Born in Gloucestershire in 1975, John Simpson first studied at the
Simpson's primary medium is the Monotype, a process that is recognised as the most direct and painterly form of Printmaking. Using a combination of drawing and painting in oil based ink; multiple layers are used to create the final image. 'The Monotype print process extends the possibilities of traditional drawing, the marks are made by anything which applies pressure to the surface, even just hands for a very direct approach'. Drawing has always been the most important element in Simpson's work, which relates to the graphic tradition of artists like Francisco Goya and Edvard Munch. His work references the world of folk tale and myth, exploring the relationship between the human figure and animal forms. Often introducing contemporary elements to these classical subjects, Simpson's imagery seems caught somewhere between childhood imagination and adult reasoning. His ability to capture the physical and psychological nature of these creatures can both disquiet and enchant in equal measure.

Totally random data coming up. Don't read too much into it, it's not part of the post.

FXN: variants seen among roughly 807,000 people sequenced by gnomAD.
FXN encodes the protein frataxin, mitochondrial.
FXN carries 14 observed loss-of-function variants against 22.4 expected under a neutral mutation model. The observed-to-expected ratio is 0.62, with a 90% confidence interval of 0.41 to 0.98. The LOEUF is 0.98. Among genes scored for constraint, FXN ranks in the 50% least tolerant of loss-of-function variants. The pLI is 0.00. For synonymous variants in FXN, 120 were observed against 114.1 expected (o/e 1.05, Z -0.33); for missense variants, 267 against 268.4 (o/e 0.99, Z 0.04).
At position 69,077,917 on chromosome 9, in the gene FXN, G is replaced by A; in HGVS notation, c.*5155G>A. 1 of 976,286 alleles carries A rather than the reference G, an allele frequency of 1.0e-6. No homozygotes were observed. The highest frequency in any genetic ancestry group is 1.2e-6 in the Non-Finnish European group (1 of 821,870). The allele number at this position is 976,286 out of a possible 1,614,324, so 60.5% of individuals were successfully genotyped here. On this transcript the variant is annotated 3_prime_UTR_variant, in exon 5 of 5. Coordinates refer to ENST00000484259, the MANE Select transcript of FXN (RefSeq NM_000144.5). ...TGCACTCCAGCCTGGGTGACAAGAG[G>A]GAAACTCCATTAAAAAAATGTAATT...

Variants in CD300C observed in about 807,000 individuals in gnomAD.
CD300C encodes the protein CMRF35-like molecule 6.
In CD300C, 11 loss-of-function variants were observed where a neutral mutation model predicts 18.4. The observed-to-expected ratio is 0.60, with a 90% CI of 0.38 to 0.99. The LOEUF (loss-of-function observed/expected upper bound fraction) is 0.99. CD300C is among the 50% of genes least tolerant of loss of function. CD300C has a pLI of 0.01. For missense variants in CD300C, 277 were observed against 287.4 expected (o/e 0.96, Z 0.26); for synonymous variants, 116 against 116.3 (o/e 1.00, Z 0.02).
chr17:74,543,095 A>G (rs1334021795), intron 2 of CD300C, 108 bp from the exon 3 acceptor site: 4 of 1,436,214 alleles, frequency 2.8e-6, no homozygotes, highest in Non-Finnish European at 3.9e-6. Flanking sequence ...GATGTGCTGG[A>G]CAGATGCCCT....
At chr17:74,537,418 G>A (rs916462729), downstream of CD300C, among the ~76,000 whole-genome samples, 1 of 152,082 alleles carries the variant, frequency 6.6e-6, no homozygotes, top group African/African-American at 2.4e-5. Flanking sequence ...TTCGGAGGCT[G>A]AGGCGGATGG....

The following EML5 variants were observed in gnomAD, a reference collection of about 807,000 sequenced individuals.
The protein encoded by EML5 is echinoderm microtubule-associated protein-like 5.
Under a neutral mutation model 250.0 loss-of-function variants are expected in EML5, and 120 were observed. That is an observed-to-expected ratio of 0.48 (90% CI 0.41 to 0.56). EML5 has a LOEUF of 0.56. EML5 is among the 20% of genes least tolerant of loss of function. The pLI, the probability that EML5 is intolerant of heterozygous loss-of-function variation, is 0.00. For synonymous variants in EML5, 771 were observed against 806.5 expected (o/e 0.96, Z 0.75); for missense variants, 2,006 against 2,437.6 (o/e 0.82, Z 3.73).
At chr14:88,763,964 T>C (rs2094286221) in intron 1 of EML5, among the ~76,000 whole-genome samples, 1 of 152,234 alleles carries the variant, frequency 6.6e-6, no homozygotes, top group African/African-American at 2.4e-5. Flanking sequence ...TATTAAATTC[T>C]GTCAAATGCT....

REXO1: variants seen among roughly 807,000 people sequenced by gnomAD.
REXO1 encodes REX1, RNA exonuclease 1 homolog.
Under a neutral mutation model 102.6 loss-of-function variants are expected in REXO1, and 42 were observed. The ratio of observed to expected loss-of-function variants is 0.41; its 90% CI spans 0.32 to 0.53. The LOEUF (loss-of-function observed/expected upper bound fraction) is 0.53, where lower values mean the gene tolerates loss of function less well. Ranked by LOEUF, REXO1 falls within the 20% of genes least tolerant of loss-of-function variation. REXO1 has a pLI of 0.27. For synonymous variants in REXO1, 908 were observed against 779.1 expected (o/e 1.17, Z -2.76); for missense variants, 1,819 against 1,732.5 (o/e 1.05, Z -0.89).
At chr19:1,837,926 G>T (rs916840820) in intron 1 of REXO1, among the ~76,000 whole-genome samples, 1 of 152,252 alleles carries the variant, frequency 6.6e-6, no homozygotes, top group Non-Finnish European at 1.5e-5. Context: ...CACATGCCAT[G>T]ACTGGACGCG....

In a recent interview Simpson said “As a printmaker I find the sale of digital reproduction prints as ‘limited edition original prints’ very frustrating. Unfortunately some dealers and artists are taking advantage of the buyers misunderstanding. I’m positive that we are now at the beginning of an exciting time following the economic changes and there will be less work focused on pop and celebrity and more work of far greater integrity and significance”.